• Vija Celmins, Blackboard Tableau #12, 2007–15, 1 found tablet, and 1 made tablet: wood, leather, acrylic, alkyd oil, pastel, 11 x 8 1/2".
    picks March 17, 2017

    Vija Celmins

    Vija Celmins is a ruthless poet. The artist’s images in this exhibition—rippling waters, blank slates, stones, stars—are as obdurate as they are yielding, as everything as they are nothing. Experiencing a fastidiously constructed painting, sculpture, drawing, or print by the artist, often made over many years and with an endless supply of patience, is not unlike looking into a mirror. You see yourself in the picture or object you’re gazing at—or falling into—wondering how it came to be, and how you got there, too.

    Celmins frequently works small—it is when she is at her most astonishing. Here,

  • View of “Cary Leibowitz: Museum Show,” Contemporary Jewish Museum, 2017.
    interviews March 07, 2017

    Cary Leibowitz

    There’s a ceramic piece by Cary Leibowitz from 1993 that reads: FUCKED UP HOMO BAR-MITZVAH GAY BOY WORRIES TOO MUCH ABOUT WHAT HIS MOTHER WILL WEAR. “Museum Show,” which runs through June 25, 2017, at the Contemporary Jewish Museum in San Francisco, is Leibowitz’s first-ever solo museum exhibition and midcareer survey, covering nearly thirty years of the artist’s identity-centric, bummer-rich comedy via paintings, drawings, sculptures, texts, and more. Here, Leibowitz talks about his work, organizing his show, and Fran Drescher.

    I’M STILL SURPRISED THAT THIS EXHIBITION MADE IT INTO EXISTENCE.

  • Left: Outsider Art Fair director Andrew Edlin, Agnes Gund, and Suydam Lansing at the opening of the Outsider Art Fair. Right: Artist Kalup Linzy at the opening of the Outsider Art Fair. (Photos: Griffin Lipson/BFA.com)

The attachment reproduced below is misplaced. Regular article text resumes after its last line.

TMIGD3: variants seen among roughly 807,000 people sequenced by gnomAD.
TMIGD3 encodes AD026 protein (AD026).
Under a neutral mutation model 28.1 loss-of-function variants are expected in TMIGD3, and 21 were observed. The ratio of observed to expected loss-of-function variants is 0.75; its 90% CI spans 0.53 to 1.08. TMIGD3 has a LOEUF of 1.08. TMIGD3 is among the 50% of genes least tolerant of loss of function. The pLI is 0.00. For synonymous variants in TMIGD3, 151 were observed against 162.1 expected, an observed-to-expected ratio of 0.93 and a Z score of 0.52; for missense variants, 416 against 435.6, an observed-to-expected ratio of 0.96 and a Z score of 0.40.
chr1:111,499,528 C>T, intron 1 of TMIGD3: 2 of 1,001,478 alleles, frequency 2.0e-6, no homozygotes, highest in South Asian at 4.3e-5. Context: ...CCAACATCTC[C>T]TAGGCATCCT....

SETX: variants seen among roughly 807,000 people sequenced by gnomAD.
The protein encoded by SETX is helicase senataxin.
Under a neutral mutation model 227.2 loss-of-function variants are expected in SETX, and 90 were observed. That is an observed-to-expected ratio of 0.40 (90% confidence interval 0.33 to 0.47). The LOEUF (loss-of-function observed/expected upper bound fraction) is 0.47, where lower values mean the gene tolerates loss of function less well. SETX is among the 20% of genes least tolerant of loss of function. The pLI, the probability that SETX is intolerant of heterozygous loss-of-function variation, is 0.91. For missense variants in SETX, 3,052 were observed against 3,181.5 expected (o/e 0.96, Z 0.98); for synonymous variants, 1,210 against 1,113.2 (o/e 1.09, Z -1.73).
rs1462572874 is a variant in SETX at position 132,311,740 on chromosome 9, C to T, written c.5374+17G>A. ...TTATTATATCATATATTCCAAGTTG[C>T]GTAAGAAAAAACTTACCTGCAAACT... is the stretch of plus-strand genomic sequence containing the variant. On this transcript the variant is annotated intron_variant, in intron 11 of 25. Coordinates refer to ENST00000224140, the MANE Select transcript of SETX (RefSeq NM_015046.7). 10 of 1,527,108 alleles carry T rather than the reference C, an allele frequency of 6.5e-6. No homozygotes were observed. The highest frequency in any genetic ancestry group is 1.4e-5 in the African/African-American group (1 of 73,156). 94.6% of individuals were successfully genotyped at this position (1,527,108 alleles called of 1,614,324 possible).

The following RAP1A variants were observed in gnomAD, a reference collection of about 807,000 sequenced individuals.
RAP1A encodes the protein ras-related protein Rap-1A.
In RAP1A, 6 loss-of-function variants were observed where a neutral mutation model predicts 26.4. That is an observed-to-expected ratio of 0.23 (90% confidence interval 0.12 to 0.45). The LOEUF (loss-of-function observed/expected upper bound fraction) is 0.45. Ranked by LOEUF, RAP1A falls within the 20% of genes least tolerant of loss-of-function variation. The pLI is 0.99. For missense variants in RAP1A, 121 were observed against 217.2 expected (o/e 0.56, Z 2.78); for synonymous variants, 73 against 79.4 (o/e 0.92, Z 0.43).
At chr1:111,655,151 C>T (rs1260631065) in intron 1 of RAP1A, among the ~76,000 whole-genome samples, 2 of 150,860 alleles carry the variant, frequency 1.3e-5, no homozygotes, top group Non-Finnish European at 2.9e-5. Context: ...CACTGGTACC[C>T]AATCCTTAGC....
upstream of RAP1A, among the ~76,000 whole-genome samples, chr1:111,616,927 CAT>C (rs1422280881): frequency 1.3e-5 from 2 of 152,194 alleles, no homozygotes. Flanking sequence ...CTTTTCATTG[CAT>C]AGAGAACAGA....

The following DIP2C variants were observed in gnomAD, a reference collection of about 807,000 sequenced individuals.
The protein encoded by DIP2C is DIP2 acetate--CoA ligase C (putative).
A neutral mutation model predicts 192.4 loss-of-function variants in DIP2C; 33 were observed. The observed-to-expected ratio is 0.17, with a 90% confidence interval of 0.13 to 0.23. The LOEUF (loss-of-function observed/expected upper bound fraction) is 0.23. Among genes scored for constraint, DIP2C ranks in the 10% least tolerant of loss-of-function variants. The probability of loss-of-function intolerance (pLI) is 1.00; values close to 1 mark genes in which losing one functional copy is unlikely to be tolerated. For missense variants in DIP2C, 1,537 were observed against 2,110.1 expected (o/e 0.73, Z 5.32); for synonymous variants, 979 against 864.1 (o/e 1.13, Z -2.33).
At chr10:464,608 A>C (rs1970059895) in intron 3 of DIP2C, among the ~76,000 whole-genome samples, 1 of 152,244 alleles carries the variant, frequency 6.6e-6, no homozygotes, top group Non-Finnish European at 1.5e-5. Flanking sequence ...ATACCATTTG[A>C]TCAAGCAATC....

diary January 31, 2017

    Band of Outsiders

    DESPERATE TO LOCATE SOME SHRED OF LIGHT, grace, or decency at the beginning of our new Dark Age, I lumbered downtown to see the Outsider Art Fair the Saturday before last—as my blessed sisters were marching, raging—at the Metropolitan Pavilion in Chelsea. I was in dire need of tempering my apoplectic bloody-mindedness. (When I saw our new chef à l’orange being sworn in with the Lincoln Bible—the same bible Barack Obama used for his 2009 and 2013 inaugurations—I wanted it to explode into flames.)

    When I got there, I had the good fortune of meeting and talking to the delightful Jackie Klempay—proprietress

  • Joyce Pensato, Untitled, 1992, oil on linen, 36 × 36”.
    interviews January 24, 2017

    Joyce Pensato

    Homer, Kenny, Donald, Mickey: Joyce Pensato’s painterly masticating of these American cartoon icons—distilled in black-and-white enamel—have been seducing audiences for decades. One of her earliest Mickey Mouse paintings will be featured in the Whitney Museum’s survey of image-making in downtown New York, “Fast Forward: Painting from the 1980s,” curated by Jane Panetta and Melinda Lang. The exhibition opens on January 27 and runs through May 14, 2017.

    I WAS SUPPOSED TO HAVE my first ever solo show in the East Village at Fiction/Nonfiction gallery in 1991. A couple of the Mickey Mouse drawings I